When he drove off that night, he considered going to the first girlfriend’s house. As soon as he thought of her, he thought of the letter. He’d left it in Danielle’s bed, under the pillow. And now that cow of a sister would be sleeping on it.
He had no choice but to go back. He made an illegal U-turn. A driver honked.
He found both women in the kitchen. Danielle was grinding coffee and Sheryl sat at the table, reading aloud from the letter, chortling now and then. He could see she’d left her filthy fingerprints all over it. He felt mad and jumbled up.
“Hey,” he said. “That’s my letter.”
Sheryl fanned herself with it. “You’re Ashley, huh?”
“No,” he said.
“So is ‘Ashley’ another girlfriend of yours?”
He snatched it from her with one athletic move. Then she grabbed it back. He didn’t want the letter to tear, so he let it go.
“If you want it back, you have to tell us where you got it,” said Sheryl.
“I . . . I don’t remember,” he stammered. “I just found it.”
“I don’t know. On the street somewhere.”
“Bullshit,” Sheryl turned to her sister. “He’s hiding something.”
He began to pace back and forth, running his hand through his hair. He knocked over one of the ferns, then crashed into a palm. His girlfriend begged him to be careful, but he hardly heard a word. He stumbled over the cat. He picked it up and smoothed its fur.
“I found it in my grandparents’ attic. They’re dead and I don’t like to talk about them.”
On the far side of the kitchen, Sheryl rolled her eyes. Danielle poured coffee into two mugs. Her face tensed and he could tell she was about to cry.
“You told me your grandparents were alive,” she said. “The ones that raised you.”
“My mother’s parents, not my father’s.”
“No, that’s not what you said before.”
He had nowhere to retreat from his lies. It was like she’d shut all the windows simultaneously and the air had gone from the room. He tried to come up with something that was orderly and consistent with his lies, but nothing came. His arms felt limp.
Danielle stared at him. “I think you’d better go.”
He didn’t want to go. He wanted to tell her that he’d fallen in love with her, that he’d been outside the experience of love for so long, that the letter made him realize it, and that he would leave his other girl. Except he couldn’t say any of that.
After he left, close to midnight, he was completely worn out. Without knowing why, he decided to walk rather than drive to the first girl’s house. Though he didn’t take in anything he saw: the homeless men, the house-fronts, the night sky veiled in fog.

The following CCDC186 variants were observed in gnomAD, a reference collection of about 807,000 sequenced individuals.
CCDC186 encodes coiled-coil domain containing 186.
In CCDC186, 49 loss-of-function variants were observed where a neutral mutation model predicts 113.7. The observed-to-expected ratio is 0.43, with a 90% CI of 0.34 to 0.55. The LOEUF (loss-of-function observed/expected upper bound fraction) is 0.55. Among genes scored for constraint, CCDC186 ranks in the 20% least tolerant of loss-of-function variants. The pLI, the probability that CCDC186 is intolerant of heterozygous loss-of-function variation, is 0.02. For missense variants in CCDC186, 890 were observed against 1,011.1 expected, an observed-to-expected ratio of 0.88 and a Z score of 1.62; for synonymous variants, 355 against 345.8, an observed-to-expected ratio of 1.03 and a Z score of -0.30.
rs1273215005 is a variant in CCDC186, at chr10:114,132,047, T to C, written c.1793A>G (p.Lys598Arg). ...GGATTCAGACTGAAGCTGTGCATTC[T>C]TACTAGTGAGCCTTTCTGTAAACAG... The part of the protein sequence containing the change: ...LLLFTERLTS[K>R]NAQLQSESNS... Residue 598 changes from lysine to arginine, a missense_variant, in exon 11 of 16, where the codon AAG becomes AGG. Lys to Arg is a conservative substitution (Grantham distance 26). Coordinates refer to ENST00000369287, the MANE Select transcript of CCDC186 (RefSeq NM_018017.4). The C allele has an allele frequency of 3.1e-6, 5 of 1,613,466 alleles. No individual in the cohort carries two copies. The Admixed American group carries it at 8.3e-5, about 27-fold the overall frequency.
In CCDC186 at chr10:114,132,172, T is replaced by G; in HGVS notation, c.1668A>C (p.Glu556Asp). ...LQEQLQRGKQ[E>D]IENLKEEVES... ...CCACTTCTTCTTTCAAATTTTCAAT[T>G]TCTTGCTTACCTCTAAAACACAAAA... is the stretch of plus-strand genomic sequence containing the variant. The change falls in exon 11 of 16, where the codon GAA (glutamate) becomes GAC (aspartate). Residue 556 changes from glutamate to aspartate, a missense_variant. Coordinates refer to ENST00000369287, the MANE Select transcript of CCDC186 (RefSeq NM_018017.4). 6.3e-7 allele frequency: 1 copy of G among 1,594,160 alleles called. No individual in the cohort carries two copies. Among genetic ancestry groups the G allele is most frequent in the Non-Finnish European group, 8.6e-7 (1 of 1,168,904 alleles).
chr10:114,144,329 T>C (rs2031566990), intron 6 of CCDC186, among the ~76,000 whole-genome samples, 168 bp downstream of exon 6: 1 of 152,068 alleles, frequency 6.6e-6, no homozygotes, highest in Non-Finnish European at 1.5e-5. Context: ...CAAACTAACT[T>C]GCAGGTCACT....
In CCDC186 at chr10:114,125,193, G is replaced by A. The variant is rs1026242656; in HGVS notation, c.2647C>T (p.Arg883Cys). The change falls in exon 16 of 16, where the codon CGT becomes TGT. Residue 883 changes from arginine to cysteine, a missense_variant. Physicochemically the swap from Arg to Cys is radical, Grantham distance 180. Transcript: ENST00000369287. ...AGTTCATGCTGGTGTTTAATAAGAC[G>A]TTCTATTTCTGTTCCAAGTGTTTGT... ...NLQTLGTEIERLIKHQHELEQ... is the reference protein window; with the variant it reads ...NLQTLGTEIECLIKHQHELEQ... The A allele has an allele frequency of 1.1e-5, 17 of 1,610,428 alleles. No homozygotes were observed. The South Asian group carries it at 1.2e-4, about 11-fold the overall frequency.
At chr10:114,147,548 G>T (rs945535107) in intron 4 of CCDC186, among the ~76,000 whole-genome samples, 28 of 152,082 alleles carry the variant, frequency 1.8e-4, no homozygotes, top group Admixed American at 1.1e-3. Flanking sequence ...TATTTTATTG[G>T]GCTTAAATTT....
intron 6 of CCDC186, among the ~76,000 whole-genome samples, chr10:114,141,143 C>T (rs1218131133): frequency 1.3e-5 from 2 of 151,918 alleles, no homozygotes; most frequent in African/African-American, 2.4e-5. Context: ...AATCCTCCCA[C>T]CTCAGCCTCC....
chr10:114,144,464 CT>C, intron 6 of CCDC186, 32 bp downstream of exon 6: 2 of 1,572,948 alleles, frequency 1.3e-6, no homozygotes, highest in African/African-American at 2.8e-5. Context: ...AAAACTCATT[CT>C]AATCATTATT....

Again and again, he thought of the letter. He was thinking so intently of it, he walked five blocks past her house to his own house. He was dead-tired. He tried to watch a funny movie to cheer himself up, but he fell asleep on the sofa with his shoes on.
The next day, the patriotic girl came to visit him. Her face was barely visible in the shuttered room. She wore a dress patterned in delicate flowers. It reminded him of Danielle. The lilies she’d brought him trembled in the day’s heat.
“I called you earlier,” she said. “You didn’t pick up.”
“Sorry, I was asleep.”
“Do you still have that letter I gave you?”
“I’ll get it.”
“Are you coming over tonight?”
“No, not tonight . . . I can’t. I have a Quaker meeting.”
She laughed. “Since when are you a Quaker?”
“It’s something I’m trying out.”
“But you’ll get the letter?”
He nodded. They made love and she left and he called Danielle to ask for the letter. He hung up right away when he heard her voice.
Talila Baron recently completed her debut novel, Blotted Out. Her stage plays have been produced at the Magic Theatre in San Francisco, New York University, and the Abingdon Theatre in New York. A winner of the Wilner Short Story Award, Female Eye Screenwriting Competition, and Jane Chambers Award for Playwriting, Baron was a also a finalist for the Kennedy Center American College Theater Festival, a finalist for the Beverly Hills Film Festival, and a semi-finalist for the Chesterfield Screenwriting Fellowship. She holds an M.A. in creative writing.